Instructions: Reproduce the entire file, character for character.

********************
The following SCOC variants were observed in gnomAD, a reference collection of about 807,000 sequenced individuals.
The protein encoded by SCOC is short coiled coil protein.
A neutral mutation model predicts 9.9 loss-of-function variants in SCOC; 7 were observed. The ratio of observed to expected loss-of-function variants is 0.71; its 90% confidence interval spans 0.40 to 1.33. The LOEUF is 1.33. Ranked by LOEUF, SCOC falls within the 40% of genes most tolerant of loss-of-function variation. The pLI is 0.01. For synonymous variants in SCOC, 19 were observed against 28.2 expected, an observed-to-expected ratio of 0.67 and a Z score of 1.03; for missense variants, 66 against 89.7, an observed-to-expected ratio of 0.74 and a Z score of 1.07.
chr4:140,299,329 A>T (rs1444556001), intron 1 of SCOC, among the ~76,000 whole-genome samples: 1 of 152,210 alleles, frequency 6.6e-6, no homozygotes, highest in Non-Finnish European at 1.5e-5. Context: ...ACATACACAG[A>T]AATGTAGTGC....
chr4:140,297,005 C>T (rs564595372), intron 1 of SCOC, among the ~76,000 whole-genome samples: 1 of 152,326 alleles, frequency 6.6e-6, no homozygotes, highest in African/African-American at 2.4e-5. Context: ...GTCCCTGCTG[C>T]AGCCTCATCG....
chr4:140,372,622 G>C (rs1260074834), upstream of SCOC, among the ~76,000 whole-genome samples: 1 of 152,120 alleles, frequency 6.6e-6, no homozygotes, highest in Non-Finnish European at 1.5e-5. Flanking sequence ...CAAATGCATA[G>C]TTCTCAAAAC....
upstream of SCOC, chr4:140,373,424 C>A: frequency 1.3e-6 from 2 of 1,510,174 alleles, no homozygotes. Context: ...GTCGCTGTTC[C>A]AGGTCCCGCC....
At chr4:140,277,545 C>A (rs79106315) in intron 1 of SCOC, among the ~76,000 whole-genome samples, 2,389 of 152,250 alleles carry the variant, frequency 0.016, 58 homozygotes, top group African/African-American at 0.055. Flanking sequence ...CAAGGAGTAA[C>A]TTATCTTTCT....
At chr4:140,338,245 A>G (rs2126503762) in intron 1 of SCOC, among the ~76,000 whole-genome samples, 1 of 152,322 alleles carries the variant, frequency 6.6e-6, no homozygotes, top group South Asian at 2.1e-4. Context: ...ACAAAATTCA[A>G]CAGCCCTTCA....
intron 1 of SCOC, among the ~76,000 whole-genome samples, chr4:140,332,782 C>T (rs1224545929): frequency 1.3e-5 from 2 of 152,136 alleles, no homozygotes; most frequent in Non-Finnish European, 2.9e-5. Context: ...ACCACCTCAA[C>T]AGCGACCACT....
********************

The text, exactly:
The following SCOC variants were observed in gnomAD, a reference collection of about 807,000 sequenced individuals.
The protein encoded by SCOC is short coiled coil protein.
A neutral mutation model predicts 9.9 loss-of-function variants in SCOC; 7 were observed. The ratio of observed to expected loss-of-function variants is 0.71; its 90% confidence interval spans 0.40 to 1.33. The LOEUF is 1.33. Ranked by LOEUF, SCOC falls within the 40% of genes most tolerant of loss-of-function variation. The pLI is 0.01. For synonymous variants in SCOC, 19 were observed against 28.2 expected, an observed-to-expected ratio of 0.67 and a Z score of 1.03; for missense variants, 66 against 89.7, an observed-to-expected ratio of 0.74 and a Z score of 1.07.
chr4:140,299,329 A>T (rs1444556001), intron 1 of SCOC, among the ~76,000 whole-genome samples: 1 of 152,210 alleles, frequency 6.6e-6, no homozygotes, highest in Non-Finnish European at 1.5e-5. Context: ...ACATACACAG[A>T]AATGTAGTGC....
chr4:140,297,005 C>T (rs564595372), intron 1 of SCOC, among the ~76,000 whole-genome samples: 1 of 152,326 alleles, frequency 6.6e-6, no homozygotes, highest in African/African-American at 2.4e-5. Context: ...GTCCCTGCTG[C>T]AGCCTCATCG....
chr4:140,372,622 G>C (rs1260074834), upstream of SCOC, among the ~76,000 whole-genome samples: 1 of 152,120 alleles, frequency 6.6e-6, no homozygotes, highest in Non-Finnish European at 1.5e-5. Flanking sequence ...CAAATGCATA[G>C]TTCTCAAAAC....
upstream of SCOC, chr4:140,373,424 C>A: frequency 1.3e-6 from 2 of 1,510,174 alleles, no homozygotes. Context: ...GTCGCTGTTC[C>A]AGGTCCCGCC....
At chr4:140,277,545 C>A (rs79106315) in intron 1 of SCOC, among the ~76,000 whole-genome samples, 2,389 of 152,250 alleles carry the variant, frequency 0.016, 58 homozygotes, top group African/African-American at 0.055. Flanking sequence ...CAAGGAGTAA[C>A]TTATCTTTCT....
At chr4:140,338,245 A>G (rs2126503762) in intron 1 of SCOC, among the ~76,000 whole-genome samples, 1 of 152,322 alleles carries the variant, frequency 6.6e-6, no homozygotes, top group South Asian at 2.1e-4. Context: ...ACAAAATTCA[A>G]CAGCCCTTCA....
intron 1 of SCOC, among the ~76,000 whole-genome samples, chr4:140,332,782 C>T (rs1224545929): frequency 1.3e-5 from 2 of 152,136 alleles, no homozygotes; most frequent in Non-Finnish European, 2.9e-5. Context: ...ACCACCTCAA[C>T]AGCGACCACT....